Re: Type 519 -- Why 125 ohms?

Tom Lee

Pretty much everyone on this list has the analysis chops to do it. It's just that everyone has better things to do with their time. So many Netflix series to binge-watch! :)

And your intuition is spot on about those other factors mattering. The numbers you cite come from assuming a coaxial line with air dielectric.  The answers will be different for other geometries, and the introduction of dielectrics makes the answers also depend on frequency. But that's too complicated, so the industry settled on values from the air-dielectric coax calculation. You have to standardize on something.

If anyone gives a rat's patootie about the derivation, please contact me off list and I can send you a couple of pages.

-- Tom

Prof. Thomas H. Lee
Allen Ctr., Rm. 205
350 Jane Stanford Way
Stanford University
Stanford, CA 94305-4070

On 5/13/2021 13:33, Jim Ford wrote:
I thought it was about 77 ohms.  75 ohm TV coax being very close.  Maximum power handling supposedly occurs for about 30 ohms, and 50 ohms is a compromise between lowest loss and highest power handling.  I've always thought that there would be variations In both  with dielectric and conductor materials and geometry (e.g. coax, microstrip, coplanar waveguide, etc).  Don't have the analysis chops to calculate it myself....             Jim Ford Sent from my Verizon, Samsung Galaxy smartphone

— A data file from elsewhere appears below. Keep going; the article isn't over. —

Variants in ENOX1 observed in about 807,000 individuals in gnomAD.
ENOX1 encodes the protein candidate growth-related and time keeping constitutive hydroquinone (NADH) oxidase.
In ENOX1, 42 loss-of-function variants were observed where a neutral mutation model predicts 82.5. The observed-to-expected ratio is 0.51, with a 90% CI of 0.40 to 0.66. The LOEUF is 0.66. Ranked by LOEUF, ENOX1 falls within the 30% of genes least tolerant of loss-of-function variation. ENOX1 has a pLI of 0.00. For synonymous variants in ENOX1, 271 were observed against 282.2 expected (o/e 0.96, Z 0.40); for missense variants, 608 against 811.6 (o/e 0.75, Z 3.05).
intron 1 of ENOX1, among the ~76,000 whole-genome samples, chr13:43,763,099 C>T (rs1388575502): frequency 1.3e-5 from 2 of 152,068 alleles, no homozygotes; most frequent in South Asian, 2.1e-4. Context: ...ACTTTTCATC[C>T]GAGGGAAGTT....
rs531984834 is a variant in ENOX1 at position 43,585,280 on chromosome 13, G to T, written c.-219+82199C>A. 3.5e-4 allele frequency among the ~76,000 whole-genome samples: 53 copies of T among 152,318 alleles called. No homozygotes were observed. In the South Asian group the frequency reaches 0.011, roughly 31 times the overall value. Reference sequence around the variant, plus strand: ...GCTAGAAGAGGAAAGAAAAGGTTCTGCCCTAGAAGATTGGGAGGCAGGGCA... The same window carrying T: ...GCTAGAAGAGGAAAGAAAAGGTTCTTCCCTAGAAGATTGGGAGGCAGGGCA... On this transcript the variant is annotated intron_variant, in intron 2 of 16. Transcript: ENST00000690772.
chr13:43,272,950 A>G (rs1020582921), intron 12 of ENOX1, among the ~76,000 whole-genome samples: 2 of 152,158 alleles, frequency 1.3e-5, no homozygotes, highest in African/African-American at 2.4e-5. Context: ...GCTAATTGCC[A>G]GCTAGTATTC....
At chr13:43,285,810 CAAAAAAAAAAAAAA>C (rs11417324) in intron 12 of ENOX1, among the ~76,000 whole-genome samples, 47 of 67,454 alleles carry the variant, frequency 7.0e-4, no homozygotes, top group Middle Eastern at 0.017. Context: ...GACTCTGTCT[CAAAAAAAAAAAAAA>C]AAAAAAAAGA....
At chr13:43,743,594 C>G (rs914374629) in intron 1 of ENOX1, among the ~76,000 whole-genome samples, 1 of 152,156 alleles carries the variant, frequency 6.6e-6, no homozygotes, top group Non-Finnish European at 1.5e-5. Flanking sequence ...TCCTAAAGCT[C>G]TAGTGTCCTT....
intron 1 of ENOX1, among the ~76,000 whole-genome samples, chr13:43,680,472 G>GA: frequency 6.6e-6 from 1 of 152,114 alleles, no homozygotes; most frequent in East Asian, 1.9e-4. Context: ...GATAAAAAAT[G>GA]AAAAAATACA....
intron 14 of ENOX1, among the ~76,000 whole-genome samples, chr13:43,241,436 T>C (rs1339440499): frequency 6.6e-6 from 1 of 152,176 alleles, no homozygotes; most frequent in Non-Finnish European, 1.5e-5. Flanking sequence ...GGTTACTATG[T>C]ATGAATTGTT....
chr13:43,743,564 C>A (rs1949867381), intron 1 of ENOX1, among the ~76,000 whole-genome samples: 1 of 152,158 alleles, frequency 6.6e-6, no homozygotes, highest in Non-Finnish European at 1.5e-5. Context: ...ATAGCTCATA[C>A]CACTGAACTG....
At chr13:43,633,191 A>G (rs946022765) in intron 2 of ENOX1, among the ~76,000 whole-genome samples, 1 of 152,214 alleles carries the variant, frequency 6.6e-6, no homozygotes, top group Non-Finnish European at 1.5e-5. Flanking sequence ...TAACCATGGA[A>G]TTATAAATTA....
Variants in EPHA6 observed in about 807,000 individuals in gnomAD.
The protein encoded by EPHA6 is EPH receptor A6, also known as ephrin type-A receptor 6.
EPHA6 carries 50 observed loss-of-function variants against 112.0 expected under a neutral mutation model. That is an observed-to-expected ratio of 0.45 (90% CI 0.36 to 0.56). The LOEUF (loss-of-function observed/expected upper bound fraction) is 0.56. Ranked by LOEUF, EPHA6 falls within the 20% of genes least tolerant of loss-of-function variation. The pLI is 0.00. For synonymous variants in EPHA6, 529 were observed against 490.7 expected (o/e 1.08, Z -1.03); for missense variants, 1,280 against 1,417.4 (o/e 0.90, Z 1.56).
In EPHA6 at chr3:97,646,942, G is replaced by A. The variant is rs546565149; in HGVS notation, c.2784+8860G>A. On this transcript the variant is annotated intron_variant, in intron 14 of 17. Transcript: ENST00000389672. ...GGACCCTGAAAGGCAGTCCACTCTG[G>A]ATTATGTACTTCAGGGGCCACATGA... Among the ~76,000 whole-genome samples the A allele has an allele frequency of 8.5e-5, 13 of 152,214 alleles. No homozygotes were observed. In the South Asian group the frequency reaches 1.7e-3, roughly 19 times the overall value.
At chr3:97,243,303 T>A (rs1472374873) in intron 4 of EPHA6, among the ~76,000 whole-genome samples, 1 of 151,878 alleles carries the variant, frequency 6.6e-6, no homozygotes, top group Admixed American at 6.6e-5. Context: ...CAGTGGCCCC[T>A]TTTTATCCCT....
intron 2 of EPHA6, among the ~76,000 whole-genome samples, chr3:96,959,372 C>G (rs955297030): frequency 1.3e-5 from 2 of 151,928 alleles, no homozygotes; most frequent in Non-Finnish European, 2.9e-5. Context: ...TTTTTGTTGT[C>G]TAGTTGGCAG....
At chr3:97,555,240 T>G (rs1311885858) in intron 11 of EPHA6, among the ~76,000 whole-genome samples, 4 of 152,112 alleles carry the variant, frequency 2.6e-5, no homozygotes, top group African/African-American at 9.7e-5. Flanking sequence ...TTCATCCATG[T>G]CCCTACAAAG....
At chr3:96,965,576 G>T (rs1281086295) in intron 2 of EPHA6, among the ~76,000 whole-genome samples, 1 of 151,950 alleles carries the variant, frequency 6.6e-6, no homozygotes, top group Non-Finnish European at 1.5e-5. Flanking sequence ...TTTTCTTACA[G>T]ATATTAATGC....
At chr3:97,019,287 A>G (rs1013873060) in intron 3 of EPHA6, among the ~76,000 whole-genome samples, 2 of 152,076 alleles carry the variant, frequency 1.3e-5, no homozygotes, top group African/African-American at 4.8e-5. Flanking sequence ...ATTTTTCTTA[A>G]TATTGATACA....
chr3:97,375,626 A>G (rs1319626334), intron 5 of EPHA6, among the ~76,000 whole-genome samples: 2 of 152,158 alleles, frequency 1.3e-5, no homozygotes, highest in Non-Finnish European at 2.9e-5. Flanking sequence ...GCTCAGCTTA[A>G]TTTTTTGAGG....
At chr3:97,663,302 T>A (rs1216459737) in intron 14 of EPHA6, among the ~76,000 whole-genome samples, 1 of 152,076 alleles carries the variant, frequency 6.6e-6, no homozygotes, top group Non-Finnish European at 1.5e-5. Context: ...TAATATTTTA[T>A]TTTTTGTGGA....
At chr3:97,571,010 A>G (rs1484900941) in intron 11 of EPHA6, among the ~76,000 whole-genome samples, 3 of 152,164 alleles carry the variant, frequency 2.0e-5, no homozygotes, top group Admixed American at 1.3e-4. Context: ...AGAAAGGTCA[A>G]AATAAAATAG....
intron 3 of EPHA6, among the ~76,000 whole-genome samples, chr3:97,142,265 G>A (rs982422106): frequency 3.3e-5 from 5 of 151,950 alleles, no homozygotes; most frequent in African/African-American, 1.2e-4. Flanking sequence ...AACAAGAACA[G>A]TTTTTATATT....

-------- Original message --------From: Göran Krusell <> Date: 5/13/21 12:55 PM (GMT-08:00) To: Subject: Re: [TekScopes] Type 519 -- Why 125 ohms? My memory tells me that the Germans in the 1930s (?) made calculations to figure out if there would be a certain characteristic impedance that would give you the lowest possible cable losses and found 60 ohm as the result. Or am I out in the blue?Göran

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